As it was, the visitors proceeded to batter the Terriers who were desperately poor in possession throughout a very disappointing second half. 

A cracking shot from just inside of the area slammed against the post, last ditch blocks thwarted other attempts and generally poor finishing (including a far post header at a corner which looked much easier to convert than miss) and decision making at the sharp end contributed to Town barely clinging to a lead which looked increasingly preposterous.

And yet, with virtually his only contribution after replacing Ward on 70 minutes, when other candidates, particularly the ineffective and out of form Thomas, looked far more prudent, Campbell hit a shot against a defender which looped up invitingly for Pearson. Sadly, the defender couldn’t convert to seal the points, heading wide.

This was a rare foray forward as Town consistently gave up possession and sat deep to cling on to their precarious advantage.

Though the defending could be seen as effective and, in some ways, admirable, it was anything but that. Constantly failing to clear correctly – and even the otherwise excellent Colwill was guilty of this as time went on – and persistently wasting the small amounts of possession available to them, Town were as unattractive and ineffective as they had been the week before against much inferior opposition.

The injury time equaliser, one of the most deserving the stadium is likely to witness, came as a result of tired defenders and Nicholls failing to deal properly with a ball in the box. Godden arrived at precisely the right time to glance his header past Nicholls to the delight of the excellent travelling support who had encouraged their team throughout.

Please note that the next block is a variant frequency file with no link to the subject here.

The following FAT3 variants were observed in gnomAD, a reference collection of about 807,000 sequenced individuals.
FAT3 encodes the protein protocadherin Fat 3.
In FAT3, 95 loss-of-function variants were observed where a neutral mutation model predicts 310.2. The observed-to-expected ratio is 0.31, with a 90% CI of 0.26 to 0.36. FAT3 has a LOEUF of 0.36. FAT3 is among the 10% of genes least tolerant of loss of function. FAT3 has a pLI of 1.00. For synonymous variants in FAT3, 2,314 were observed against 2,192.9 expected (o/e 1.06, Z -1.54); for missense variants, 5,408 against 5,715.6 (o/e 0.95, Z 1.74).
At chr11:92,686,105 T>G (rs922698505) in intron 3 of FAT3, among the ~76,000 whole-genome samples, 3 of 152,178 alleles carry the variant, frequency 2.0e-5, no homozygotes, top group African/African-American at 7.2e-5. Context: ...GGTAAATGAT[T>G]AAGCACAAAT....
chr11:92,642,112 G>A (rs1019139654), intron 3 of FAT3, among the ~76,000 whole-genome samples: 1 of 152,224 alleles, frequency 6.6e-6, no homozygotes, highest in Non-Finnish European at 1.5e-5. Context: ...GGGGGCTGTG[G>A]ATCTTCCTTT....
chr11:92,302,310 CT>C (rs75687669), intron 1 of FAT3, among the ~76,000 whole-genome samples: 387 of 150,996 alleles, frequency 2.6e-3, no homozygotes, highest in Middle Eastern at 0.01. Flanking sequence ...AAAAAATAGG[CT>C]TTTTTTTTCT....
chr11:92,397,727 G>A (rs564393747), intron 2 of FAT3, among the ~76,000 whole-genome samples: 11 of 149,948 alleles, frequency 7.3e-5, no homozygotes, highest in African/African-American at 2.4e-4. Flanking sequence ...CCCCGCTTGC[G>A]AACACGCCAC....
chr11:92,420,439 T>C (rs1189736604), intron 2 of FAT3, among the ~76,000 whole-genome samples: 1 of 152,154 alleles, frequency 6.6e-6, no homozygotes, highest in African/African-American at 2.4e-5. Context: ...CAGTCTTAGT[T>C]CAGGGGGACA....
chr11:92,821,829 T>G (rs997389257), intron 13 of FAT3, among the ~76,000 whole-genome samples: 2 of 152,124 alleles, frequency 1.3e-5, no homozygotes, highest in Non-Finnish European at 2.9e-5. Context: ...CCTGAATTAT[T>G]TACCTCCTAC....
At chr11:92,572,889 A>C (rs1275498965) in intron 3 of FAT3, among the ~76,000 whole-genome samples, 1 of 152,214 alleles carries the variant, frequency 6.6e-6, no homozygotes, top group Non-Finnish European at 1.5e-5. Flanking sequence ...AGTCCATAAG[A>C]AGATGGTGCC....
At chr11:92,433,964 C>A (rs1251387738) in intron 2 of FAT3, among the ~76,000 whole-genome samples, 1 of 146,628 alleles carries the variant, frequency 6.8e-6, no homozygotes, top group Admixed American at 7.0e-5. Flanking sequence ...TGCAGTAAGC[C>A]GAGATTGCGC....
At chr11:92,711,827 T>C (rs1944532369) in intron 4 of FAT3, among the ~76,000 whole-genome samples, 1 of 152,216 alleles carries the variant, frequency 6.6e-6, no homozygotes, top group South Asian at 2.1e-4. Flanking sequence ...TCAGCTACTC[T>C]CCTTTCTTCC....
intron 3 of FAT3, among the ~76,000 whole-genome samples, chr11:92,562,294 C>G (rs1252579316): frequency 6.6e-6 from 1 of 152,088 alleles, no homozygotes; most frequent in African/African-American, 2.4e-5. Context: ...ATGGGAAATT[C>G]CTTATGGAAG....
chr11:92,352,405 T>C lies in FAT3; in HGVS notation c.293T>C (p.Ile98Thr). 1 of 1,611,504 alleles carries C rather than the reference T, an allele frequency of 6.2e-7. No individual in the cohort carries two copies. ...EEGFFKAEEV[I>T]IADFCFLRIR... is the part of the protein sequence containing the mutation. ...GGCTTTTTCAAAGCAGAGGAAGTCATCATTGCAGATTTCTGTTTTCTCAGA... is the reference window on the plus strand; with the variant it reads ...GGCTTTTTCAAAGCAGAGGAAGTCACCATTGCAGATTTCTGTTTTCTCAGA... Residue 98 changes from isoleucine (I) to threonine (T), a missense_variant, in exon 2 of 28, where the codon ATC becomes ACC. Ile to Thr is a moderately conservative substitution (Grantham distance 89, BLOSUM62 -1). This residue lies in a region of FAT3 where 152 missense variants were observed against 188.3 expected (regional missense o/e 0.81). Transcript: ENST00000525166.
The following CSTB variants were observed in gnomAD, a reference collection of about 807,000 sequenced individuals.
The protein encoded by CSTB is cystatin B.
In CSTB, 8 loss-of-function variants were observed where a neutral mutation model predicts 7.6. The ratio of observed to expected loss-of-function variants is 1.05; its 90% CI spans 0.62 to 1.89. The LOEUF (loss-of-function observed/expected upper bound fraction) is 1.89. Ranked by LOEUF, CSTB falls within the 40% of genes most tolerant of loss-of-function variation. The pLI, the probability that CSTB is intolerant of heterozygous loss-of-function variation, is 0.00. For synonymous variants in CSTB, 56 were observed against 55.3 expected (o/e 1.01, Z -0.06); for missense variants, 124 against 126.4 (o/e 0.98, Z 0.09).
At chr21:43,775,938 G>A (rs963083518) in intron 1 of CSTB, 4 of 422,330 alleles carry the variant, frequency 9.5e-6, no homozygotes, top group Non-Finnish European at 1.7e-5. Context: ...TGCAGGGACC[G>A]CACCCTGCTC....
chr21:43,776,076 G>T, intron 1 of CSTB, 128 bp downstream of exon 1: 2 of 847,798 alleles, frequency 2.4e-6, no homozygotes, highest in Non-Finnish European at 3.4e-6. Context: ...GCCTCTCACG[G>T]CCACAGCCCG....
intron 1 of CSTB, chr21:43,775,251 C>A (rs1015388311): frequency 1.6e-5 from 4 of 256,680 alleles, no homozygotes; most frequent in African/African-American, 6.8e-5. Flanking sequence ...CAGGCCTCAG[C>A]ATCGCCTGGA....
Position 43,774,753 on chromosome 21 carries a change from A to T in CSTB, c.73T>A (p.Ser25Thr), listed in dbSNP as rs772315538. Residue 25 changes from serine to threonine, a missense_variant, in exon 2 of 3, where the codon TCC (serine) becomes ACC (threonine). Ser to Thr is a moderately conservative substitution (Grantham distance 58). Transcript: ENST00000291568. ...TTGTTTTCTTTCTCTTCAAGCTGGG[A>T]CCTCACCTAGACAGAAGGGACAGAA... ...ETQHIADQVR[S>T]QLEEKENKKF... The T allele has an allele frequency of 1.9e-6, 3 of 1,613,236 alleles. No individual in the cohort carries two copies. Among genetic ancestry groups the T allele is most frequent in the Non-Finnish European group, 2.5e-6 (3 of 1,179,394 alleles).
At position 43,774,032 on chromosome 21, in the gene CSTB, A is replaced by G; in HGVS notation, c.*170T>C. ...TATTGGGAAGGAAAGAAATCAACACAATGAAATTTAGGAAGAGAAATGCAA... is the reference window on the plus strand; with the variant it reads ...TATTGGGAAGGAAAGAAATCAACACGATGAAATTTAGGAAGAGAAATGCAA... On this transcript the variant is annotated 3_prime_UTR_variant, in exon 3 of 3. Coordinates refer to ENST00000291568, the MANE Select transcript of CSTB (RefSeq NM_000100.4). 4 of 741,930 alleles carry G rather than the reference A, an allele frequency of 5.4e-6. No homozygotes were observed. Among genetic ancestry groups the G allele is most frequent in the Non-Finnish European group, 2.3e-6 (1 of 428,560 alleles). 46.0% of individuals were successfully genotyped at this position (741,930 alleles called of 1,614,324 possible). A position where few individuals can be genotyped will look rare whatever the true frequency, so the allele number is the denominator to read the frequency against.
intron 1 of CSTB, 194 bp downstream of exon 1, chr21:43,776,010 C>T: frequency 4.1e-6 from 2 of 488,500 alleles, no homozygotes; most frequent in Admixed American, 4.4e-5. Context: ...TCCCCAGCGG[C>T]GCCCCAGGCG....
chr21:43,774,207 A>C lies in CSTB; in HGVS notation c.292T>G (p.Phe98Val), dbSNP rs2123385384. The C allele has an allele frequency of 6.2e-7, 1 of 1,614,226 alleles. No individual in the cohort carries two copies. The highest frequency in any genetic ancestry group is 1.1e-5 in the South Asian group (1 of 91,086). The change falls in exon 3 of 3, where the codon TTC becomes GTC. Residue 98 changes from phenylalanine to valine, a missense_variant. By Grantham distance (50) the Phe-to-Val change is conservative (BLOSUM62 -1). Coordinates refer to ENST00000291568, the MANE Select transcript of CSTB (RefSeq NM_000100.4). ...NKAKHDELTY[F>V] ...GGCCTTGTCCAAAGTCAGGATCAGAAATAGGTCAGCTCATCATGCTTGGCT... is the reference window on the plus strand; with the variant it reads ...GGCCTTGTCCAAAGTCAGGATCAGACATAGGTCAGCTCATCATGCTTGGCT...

Most of that support will never have seen Coventry in Huddersfield before, the clubs having assiduously avoided each other for decades (nearly 50 years in the league until last year’s behind closed doors encounter), and their club looks to be on a good path after many years of horrendous struggle through mismanagement.


The boos which descended from the thin home support, and the clear evidence of significant stay aways continues to be of great concern, was justified and a judgement on a performance which seemed at least as much to do with the architect rather than the team.


Nobody was fooled by the elevated position Town were occupying just a few short weeks ago, but levels have dipped enough to create real concerns that a repeat of last season is, at least, a possibility. This seems unlikely given a significantly improved defence and it is hard to imagine an injury crisis of similar proportion, but the dull performances simply cannot continue if Carlos wants to remain in post.


The ownership uncertainties buy him a little time to imbue this team with a bit of personality. Maybe if he stopped the micro management and allowed them to play more freely, he may rescue himself? 


Fortune certainly favoured the meek in this one.